Meet “The Parkinson’s Painter,” The 78-Yr-Old Using Art To Inspire The World.

artist norman greenstein wearing glasses and looking off into the distance and a painting of a bare tree near water by norman greenstein

Norman Greenstein didn’t start selling his paintings until 2018, but he’s been an artist his entire life.

His notebooks from high school were always filled with doodles, prompting one of his friends to help him schedule an appointment with the dean of an art school. Instead of encouraging this eager student, the dean did the exact opposite.

“I showed him my work and he said, ‘The problem with modern art is you can spit on a canvas and call it art’ — that’s what he thought of my artwork,” Norman said, “so I didn’t do it.”

He also had a desire to travel, but with no money, he decided to serve in the U.S. Air Force for four years during the Vietnam War instead. Afterward, he pursued higher education, which led him to becoming a social worker and a Jewish community leader.

In 1971, Norman married a woman named Phyllis. Together, they went on to have three children: Michelle, Gabe, and Steven. The devoted dad made a wonderful life for himself and his family, often traveling across the U.S. as well as Israel. But life came to a screeching halt when, in 2008, he developed a small twitch in his leg.

man named norman greenstein posing in the woods with his wife, phyllis greenstein, and two of their children
YouTube

“I had a neurologist,” Norman said, “he took one look at me and he said, ‘You have Parkinson’s disease.'”

Diagnosed with the incurable degenerative disease, Norman was forced into retirement at 69 years old. He leaned on Phyllis for support as he adjusted to life with an illness that aggressively attacks the nervous system. Not long after, however, their roles reversed.

His beloved wife developed brain cancer. Although she’s now in remission, Norman said that in focusing on supporting Phyllis, he “didn’t have time to sit around and feel sorry” for himself.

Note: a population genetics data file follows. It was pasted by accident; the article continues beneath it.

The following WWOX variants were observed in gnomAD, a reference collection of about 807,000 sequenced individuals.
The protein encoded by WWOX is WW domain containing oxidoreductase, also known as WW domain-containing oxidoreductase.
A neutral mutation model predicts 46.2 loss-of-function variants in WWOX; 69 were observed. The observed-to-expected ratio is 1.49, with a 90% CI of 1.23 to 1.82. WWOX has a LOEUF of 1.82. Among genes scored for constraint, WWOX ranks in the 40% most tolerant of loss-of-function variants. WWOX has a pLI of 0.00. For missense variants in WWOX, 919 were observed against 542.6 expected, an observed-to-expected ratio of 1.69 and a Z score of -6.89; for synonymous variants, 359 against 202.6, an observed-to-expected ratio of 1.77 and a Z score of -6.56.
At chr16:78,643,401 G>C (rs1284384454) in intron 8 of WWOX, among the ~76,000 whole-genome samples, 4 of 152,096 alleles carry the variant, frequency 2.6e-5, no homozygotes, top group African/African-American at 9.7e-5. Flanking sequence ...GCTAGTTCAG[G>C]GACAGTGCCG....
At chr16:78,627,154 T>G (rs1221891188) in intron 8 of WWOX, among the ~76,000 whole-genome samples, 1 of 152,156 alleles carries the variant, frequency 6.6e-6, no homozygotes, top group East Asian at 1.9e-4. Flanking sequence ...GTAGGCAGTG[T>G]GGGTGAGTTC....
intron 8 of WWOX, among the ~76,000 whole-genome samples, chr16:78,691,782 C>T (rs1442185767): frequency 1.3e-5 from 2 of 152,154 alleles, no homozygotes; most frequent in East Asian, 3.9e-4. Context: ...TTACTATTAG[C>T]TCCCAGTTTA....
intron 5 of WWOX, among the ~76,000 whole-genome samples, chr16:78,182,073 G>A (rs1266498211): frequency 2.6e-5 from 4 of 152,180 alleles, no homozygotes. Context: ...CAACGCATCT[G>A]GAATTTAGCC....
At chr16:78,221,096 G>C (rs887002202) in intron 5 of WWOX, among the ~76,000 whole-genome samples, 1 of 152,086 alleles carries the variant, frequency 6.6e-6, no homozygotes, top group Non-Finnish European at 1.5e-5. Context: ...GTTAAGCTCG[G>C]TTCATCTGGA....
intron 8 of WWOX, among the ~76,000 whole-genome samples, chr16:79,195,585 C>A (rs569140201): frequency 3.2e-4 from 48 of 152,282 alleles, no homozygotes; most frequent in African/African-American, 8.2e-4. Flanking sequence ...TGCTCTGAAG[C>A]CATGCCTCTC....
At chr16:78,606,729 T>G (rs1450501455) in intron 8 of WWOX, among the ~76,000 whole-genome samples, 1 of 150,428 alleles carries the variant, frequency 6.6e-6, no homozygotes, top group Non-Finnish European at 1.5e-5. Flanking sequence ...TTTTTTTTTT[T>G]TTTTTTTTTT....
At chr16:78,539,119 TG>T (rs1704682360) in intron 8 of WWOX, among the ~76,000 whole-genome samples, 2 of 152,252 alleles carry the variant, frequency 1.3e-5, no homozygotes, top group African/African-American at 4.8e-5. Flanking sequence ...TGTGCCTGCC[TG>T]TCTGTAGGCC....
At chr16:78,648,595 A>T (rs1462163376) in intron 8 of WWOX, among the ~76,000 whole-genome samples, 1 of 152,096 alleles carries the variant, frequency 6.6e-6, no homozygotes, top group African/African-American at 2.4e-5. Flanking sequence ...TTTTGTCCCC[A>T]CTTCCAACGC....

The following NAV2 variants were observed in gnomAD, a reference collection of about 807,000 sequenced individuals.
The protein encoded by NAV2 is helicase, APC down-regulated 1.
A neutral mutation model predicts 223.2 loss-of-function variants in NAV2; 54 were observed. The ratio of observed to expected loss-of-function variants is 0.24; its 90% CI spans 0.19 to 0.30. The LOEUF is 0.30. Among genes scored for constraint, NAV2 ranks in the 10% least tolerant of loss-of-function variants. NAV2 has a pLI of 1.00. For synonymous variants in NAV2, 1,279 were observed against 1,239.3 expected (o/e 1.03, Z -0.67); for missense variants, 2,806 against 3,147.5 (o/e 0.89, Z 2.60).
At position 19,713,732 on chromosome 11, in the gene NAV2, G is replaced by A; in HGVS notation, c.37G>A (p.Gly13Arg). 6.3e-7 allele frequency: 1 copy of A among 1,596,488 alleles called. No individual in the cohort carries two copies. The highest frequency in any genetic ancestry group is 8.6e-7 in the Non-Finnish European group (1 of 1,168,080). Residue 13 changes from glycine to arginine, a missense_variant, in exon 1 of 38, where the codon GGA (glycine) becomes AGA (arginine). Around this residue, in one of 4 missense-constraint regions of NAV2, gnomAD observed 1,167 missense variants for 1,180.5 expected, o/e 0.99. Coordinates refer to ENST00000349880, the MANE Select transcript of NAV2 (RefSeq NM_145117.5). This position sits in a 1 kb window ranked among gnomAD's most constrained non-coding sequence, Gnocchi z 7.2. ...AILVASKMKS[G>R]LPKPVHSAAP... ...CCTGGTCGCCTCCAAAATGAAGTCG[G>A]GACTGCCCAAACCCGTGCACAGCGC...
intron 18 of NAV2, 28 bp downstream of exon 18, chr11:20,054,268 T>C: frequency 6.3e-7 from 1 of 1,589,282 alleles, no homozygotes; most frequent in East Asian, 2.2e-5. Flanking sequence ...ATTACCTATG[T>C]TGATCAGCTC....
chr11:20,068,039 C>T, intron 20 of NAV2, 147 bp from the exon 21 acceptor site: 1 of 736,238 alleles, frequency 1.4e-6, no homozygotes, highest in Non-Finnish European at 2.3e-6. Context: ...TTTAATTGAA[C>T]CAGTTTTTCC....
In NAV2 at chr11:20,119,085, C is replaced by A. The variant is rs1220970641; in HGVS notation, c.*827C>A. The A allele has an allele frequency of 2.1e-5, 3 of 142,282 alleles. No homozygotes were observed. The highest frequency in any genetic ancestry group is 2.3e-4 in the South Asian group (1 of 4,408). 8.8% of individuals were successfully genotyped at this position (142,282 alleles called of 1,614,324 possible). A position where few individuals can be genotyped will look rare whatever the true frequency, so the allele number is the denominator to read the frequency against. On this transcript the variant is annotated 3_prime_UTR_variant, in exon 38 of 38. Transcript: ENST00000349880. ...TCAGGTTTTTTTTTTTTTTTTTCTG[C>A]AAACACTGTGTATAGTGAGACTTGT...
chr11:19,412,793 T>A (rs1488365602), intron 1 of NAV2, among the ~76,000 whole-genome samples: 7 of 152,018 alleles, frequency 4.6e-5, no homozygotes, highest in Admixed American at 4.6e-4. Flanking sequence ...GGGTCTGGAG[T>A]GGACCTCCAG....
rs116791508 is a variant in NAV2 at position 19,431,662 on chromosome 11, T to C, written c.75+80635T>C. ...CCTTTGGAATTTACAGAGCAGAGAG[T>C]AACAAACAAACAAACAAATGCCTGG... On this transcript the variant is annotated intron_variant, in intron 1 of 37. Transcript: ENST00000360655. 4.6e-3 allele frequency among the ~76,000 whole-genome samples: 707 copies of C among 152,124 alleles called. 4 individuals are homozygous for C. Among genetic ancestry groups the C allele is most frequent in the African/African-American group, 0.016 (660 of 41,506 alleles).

It was around this time that Norman and his son Gabe went on a life-changing hike to Chrystal Mountain, which opened the dad up to the idea of creating time for art again. Before he knew it, Norman was painting and taking art classes at a community college.

He quickly learned that making art helped him cope with his symptoms, so he began teaching painting classes for seniors and others with Parkinson’s disease. In time, the quality of his work progressed, and by 2018, his masterpieces began to sell.

Inspired by their dad’s unending kindness, passion, and dedication, Gabe and Steven began interviewing Norman so they could create a memoir about his life. It’s available to purchase on Amazon, and it’s ever-so-perfectly named “Spit on A Canvas: The Journey of The Parkinson’s Painter.”

Since pursuing his passion for art, Norman has even had the honor of seeing his work in galleries, something he never would have imagined happening for most of his life.

“It’s wonderful. And they treated me, not as someone with Parkinson’s, they treated me as an artist,” he said. “It felt very good.”

As Norman continues to fulfill his lifelong dream of being an artist, he is also doing whatever he can to raise awareness and money for Parkinson’s research. Ten percent of the proceeds from his art goes to the American Parkinson Disease Association, while another 10 percent goes to the Michael J. Fox Foundation, both of which are dedicated to fighting this terrible disease.

Norman hopes the people who come to learn about his life will find the inspiration they need to pursue whatever it is they feel called to do — no matter what some critics might have to say.

“Don’t give up. Don’t give up,” Norman said. “If you are lucky enough to get some recognition, try to do some good with it.”

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